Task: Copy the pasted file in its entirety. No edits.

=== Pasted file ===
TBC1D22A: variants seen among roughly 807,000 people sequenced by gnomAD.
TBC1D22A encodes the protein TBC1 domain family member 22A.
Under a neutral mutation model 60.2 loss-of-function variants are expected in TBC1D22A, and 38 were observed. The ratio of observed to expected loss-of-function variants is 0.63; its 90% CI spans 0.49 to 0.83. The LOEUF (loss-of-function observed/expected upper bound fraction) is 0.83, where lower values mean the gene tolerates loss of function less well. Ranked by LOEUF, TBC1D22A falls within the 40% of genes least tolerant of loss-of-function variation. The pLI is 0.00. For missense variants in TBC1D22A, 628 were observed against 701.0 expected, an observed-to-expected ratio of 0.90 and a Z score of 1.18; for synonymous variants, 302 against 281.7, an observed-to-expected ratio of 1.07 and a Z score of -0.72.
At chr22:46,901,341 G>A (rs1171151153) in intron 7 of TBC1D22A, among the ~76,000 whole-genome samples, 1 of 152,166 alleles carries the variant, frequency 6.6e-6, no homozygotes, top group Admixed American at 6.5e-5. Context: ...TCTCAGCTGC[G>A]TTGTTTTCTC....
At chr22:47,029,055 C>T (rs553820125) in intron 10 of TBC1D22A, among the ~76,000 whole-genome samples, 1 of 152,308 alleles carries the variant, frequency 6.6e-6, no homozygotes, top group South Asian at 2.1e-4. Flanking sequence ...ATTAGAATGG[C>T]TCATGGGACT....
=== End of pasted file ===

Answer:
TBC1D22A: variants seen among roughly 807,000 people sequenced by gnomAD.
TBC1D22A encodes the protein TBC1 domain family member 22A.
Under a neutral mutation model 60.2 loss-of-function variants are expected in TBC1D22A, and 38 were observed. The ratio of observed to expected loss-of-function variants is 0.63; its 90% CI spans 0.49 to 0.83. The LOEUF (loss-of-function observed/expected upper bound fraction) is 0.83, where lower values mean the gene tolerates loss of function less well. Ranked by LOEUF, TBC1D22A falls within the 40% of genes least tolerant of loss-of-function variation. The pLI is 0.00. For missense variants in TBC1D22A, 628 were observed against 701.0 expected, an observed-to-expected ratio of 0.90 and a Z score of 1.18; for synonymous variants, 302 against 281.7, an observed-to-expected ratio of 1.07 and a Z score of -0.72.
At chr22:46,901,341 G>A (rs1171151153) in intron 7 of TBC1D22A, among the ~76,000 whole-genome samples, 1 of 152,166 alleles carries the variant, frequency 6.6e-6, no homozygotes, top group Admixed American at 6.5e-5. Context: ...TCTCAGCTGC[G>A]TTGTTTTCTC....
At chr22:47,029,055 C>T (rs553820125) in intron 10 of TBC1D22A, among the ~76,000 whole-genome samples, 1 of 152,308 alleles carries the variant, frequency 6.6e-6, no homozygotes, top group South Asian at 2.1e-4. Flanking sequence ...ATTAGAATGG[C>T]TCATGGGACT....